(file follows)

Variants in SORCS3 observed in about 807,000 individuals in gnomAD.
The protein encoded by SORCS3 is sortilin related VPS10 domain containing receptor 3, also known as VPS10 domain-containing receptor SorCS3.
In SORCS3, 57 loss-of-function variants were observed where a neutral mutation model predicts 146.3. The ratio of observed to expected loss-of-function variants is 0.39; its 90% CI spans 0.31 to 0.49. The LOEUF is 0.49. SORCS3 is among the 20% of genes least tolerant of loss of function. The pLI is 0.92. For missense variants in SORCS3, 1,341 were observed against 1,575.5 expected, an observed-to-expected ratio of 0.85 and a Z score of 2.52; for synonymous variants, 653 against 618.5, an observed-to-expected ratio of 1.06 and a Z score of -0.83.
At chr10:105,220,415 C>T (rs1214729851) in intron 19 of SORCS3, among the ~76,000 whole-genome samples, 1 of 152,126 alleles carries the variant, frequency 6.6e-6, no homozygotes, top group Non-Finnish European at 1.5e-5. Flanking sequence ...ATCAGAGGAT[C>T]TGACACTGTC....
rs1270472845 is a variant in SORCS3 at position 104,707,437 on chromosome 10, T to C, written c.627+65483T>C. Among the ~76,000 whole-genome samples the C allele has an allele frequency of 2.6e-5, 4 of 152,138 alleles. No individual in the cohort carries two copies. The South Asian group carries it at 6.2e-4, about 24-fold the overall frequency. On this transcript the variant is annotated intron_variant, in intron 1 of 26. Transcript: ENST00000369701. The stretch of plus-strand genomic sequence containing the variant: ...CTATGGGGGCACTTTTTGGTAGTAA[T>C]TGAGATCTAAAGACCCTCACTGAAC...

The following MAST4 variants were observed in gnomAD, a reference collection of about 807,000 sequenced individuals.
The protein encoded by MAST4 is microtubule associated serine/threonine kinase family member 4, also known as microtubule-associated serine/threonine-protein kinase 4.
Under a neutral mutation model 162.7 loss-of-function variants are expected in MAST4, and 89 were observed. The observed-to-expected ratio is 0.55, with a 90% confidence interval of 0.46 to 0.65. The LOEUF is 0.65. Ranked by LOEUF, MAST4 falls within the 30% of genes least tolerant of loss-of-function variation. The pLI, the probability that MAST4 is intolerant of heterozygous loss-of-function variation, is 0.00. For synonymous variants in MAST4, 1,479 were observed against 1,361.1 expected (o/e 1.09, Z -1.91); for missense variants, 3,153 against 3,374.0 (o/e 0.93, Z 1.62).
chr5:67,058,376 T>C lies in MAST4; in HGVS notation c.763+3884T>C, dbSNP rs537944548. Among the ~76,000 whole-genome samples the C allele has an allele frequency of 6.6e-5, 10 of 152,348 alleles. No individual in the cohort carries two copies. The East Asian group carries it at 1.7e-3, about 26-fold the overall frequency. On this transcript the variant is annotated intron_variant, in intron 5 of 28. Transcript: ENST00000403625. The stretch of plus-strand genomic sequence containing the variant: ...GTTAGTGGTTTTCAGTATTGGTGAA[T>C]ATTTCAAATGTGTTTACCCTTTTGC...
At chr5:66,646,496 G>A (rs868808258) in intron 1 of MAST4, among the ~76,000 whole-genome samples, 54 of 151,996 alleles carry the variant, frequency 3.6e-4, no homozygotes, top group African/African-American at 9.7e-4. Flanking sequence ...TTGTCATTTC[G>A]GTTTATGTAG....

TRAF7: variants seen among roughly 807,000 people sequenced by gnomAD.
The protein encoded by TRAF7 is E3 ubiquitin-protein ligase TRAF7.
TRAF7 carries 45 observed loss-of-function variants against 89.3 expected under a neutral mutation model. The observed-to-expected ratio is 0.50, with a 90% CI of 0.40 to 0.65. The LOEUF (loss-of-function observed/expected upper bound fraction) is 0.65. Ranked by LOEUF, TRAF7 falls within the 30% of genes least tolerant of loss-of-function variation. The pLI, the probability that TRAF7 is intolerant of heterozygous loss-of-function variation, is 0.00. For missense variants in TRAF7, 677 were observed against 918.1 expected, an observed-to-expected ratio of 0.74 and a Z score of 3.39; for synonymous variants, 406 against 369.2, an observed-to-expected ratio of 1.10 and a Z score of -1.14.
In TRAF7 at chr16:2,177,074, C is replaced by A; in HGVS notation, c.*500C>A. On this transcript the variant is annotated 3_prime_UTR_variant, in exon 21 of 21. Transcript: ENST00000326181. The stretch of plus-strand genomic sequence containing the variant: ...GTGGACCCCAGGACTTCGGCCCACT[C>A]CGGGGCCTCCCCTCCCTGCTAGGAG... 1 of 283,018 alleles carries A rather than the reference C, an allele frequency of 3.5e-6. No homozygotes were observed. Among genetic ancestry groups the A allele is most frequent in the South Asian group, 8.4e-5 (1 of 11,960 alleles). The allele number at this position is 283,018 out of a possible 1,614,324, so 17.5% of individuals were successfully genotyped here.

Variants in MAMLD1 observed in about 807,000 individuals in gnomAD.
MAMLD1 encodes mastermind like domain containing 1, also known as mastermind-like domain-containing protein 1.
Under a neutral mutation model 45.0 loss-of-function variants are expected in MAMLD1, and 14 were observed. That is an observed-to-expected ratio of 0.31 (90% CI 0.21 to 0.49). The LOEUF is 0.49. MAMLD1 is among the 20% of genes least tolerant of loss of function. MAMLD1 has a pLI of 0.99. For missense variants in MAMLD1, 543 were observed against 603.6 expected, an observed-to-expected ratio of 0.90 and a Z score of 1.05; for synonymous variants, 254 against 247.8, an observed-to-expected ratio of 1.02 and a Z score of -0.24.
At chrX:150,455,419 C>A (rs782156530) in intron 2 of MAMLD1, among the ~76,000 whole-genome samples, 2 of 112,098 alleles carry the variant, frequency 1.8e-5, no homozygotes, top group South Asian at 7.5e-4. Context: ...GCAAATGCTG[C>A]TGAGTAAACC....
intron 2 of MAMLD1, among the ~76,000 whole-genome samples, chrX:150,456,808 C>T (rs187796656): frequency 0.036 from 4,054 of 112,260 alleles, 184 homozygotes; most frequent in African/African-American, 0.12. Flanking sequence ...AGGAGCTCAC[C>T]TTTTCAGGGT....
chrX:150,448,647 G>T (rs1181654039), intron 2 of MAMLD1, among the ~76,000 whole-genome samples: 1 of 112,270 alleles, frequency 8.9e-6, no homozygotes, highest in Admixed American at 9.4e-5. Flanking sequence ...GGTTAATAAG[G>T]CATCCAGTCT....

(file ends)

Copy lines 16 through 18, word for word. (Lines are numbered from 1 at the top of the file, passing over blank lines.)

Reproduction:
MAMLD1 encodes mastermind like domain containing 1, also known as mastermind-like domain-containing protein 1.
Under a neutral mutation model 45.0 loss-of-function variants are expected in MAMLD1, and 14 were observed. That is an observed-to-expected ratio of 0.31 (90% CI 0.21 to 0.49). The LOEUF is 0.49. MAMLD1 is among the 20% of genes least tolerant of loss of function. MAMLD1 has a pLI of 0.99. For missense variants in MAMLD1, 543 were observed against 603.6 expected, an observed-to-expected ratio of 0.90 and a Z score of 1.05; for synonymous variants, 254 against 247.8, an observed-to-expected ratio of 1.02 and a Z score of -0.24.
At chrX:150,455,419 C>A (rs782156530) in intron 2 of MAMLD1, among the ~76,000 whole-genome samples, 2 of 112,098 alleles carry the variant, frequency 1.8e-5, no homozygotes, top group South Asian at 7.5e-4. Context: ...GCAAATGCTG[C>A]TGAGTAAACC....